Summary: Prayer is not just an isolated act; it is a lifestyle.


Talking and Listening to God -- Part 1

Isaac Butterworth

November 21, 2010

Ephesians 6:18-20 (NIV)

18 And pray in the Spirit on all occasions with all kinds of prayers and requests. With this in mind, be alert and always keep on praying for all the Lord’s people. 19 Pray also for me, that whenever I speak, words may be given me so that I will fearlessly make known the mystery of the gospel, 20 for which I am an ambassador in chains. Pray that I may declare it fearlessly, as I should.

Sheldon Kornpett was a quiet, reserved man with a successful dental practice in Manhattan, that is, until he met his future in-laws, Mr. and Mrs. Vince Ricardo. Sheldon’s daughter was soon to be married to their son, so Sheldon’s wife hosted a dinner party at their house to meet the parents of her daughter’s fiancé. This is the setup, of course, for the 1979 film, The In-Laws, in which Alan Arkin plays the docile, subdued dentist and Peter Falk plays the wild and goofy Vince Ricardo.

On the day after the party, Vince drops by Sheldon’s office and tells him that he is actually a CIA operative and that he has secretly robbed the U.S. Mint of a number of engraving plates. He explains that it was a necessary action if he was to crack a worldwide plot against the economy of the United States. He had to act on his own, he says, because the CIA wouldn’t go along with him. Not only that, Vince says, but he left one of the stolen engraving plates in Sheldon’s house the night before. As you might expect, when Sheldon arrives home that evening, the Feds are there to meet him.

But Sheldon doesn’t go into the house; he turns his car around and goes the other way. He calls Vince, and, before he knows it, he and his daughter’s future father-in-law are in a somewhat unstable plane, flying over a vast expanse of water, headed for Central America as part of Vince’s plan to save the United States from financial ruin.

When they arrive, they fall into disfavor with the local dictator, a General Garcia, and they wind up in front of a firing squad. The General enjoys having these Americans at his mercy, and he struts around in front of them, trying to torment them with their fate. This works with the dentist, of course, but the Peter Falk character isn’t shaken a bit. I remember the General, prancing in his black, high gloss, knee-high boots, wielding a riding crop in one hand -- I remember him walking up to the Alan Arkin character, tilting his head to capture his prisoner’s line of vision, and saying: ‘Tell me, sir: Are you a praying man?’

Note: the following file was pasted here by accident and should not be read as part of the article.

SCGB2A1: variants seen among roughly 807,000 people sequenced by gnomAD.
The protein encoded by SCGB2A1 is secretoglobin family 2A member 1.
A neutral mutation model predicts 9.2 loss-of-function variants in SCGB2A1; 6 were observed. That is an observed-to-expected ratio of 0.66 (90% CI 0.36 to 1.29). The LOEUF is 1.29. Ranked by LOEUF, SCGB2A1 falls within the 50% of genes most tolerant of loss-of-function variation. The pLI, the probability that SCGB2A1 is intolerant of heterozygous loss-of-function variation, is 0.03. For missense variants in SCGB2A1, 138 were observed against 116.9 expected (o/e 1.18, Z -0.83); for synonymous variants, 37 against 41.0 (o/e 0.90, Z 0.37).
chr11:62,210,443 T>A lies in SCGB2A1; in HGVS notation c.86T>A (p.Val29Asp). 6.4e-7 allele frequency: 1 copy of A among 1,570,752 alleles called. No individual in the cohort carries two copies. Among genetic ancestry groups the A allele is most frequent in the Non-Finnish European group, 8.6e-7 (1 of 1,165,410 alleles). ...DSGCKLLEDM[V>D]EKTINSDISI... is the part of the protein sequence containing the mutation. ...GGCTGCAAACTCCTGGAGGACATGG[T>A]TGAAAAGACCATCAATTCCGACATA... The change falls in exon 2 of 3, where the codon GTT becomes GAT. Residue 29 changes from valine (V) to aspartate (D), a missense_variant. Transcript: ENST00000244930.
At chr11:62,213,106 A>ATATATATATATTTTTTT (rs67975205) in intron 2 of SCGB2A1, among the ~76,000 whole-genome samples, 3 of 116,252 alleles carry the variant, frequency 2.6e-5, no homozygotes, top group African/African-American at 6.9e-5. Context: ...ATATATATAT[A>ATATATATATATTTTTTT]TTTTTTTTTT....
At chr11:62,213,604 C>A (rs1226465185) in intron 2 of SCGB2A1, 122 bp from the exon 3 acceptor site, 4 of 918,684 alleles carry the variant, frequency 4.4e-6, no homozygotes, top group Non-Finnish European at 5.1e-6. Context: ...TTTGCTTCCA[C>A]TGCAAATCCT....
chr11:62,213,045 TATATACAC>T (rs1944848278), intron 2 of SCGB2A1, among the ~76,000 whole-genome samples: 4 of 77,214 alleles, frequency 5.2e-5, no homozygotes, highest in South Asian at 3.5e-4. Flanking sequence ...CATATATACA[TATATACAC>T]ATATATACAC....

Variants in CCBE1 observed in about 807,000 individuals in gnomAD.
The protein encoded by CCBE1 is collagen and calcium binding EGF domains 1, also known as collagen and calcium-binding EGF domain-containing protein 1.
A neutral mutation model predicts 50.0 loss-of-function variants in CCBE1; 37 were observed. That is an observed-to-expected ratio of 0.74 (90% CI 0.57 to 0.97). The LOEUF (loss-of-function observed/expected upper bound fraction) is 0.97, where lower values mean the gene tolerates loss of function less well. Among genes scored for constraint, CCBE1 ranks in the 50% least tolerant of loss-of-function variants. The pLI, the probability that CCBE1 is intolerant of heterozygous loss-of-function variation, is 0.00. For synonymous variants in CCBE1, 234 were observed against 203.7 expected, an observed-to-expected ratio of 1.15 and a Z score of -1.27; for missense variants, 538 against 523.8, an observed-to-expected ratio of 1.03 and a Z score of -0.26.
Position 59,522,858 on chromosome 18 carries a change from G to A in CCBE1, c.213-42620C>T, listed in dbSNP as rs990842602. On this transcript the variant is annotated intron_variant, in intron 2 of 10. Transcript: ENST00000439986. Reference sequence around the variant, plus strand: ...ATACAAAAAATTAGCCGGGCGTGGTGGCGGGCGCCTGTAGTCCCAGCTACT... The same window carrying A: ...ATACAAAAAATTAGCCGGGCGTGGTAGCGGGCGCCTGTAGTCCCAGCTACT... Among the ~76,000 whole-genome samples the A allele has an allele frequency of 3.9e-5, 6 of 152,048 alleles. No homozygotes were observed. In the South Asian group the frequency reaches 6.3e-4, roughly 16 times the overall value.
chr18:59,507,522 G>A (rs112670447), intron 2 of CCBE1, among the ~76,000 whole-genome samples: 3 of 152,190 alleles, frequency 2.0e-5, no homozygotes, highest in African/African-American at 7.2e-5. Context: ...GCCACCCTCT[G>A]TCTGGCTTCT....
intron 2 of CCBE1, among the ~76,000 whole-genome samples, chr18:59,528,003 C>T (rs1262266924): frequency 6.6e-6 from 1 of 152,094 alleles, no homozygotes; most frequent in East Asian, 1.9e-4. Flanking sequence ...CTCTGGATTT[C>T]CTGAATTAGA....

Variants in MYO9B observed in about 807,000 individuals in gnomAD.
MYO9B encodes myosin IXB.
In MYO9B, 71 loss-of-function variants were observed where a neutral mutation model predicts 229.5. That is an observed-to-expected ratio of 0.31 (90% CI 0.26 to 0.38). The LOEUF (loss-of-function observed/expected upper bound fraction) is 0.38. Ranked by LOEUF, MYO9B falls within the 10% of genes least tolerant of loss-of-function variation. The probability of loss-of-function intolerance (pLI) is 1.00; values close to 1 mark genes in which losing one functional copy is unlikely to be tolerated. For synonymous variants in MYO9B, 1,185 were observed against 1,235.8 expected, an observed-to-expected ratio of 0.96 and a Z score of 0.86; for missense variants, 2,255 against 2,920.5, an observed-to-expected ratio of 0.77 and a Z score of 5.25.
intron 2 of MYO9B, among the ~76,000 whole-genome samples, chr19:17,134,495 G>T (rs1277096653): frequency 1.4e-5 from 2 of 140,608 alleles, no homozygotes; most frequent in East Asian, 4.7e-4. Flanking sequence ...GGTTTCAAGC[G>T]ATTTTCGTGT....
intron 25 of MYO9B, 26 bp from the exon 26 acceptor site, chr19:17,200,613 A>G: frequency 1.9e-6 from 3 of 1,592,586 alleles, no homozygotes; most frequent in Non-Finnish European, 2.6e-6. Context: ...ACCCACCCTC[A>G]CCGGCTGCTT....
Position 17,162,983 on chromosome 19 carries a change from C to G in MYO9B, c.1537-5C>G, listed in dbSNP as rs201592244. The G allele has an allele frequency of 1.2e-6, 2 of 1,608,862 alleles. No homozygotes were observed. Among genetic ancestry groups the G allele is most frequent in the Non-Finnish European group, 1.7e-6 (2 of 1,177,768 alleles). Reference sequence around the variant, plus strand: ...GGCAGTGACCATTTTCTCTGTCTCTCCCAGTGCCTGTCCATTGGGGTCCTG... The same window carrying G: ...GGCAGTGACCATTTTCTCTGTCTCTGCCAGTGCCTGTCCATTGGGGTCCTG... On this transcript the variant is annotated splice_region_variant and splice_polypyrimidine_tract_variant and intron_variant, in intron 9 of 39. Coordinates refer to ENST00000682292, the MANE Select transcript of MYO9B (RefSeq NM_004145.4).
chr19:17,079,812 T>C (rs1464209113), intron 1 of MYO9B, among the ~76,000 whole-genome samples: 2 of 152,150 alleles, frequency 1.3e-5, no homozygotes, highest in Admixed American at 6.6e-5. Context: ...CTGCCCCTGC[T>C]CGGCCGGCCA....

It’s the question I want us to consider today. Are you a praying man? Are you a woman who prays? Is prayer a part of your practice? In Ephesians, chapter 6, verse 18, the Apostle Paul instructs us to ‘pray in the Spirit on all occasions with all kinds of prayers and requests. With this in mind,’ he says, ‘be alert and always keep on praying.’ If you reflect but for a moment on Paul’s words, you get the idea that prayer isn’t something you do just once in a while; it is something you’re engaged in all the time. You ‘pray in the Spirit on all occasions,’ and you remain ‘alert and always keep on praying....’ What Paul is saying is that prayer is not just an act; it is a lifestyle. It’s not something we do now and again; it’s the program running in the background of all we do.

Today, we’re beginning a four-part series that I’m calling ‘Talking and Listening to God,’ and we’re going to start with prayer. That’s our focus today. The theme for the series is that your life and mine is a laboratory of faith, in which we discover the faithfulness of God and develop our own. And prayer is one of our lab projects. And what I want to suggest to you today is: that prayer is not just an isolated act that we perform from time to time; it is a lifestyle. Or, it could be; in fact, it should be. Prayer is a way of staying in continual communion with God; its the means of partnering with God in everything we do.

And if it’s to be that -- if it’s to be a lifestyle -- then three elements have to be in place. First of all, if prayer is to be more than a religious activity that you indulge in once in a while, you’re going to need a sense of being caught up in a cause so great that it dwarfs your own personal agenda in its shadow. You’re going to have to see that God is behind a monumental movement in this world and that it’s bigger than you are. That’s what Jesus meant when he showed up and started saying, ‘The kingdom of God is near. Repent and believe...’ (Mark 1:15). The kingdom, as the Bible describes it, is not a place; it’s not heaven, although it includes heaven. The kingdom of God, though, is not a place. It’s a force; it’s a movement. And it’s moving toward a future in which the world is the way God wants it to be. And if prayer is to be more for you than just one more thing you do, you are going to have to be captivated by the priority and urgency of this movement.

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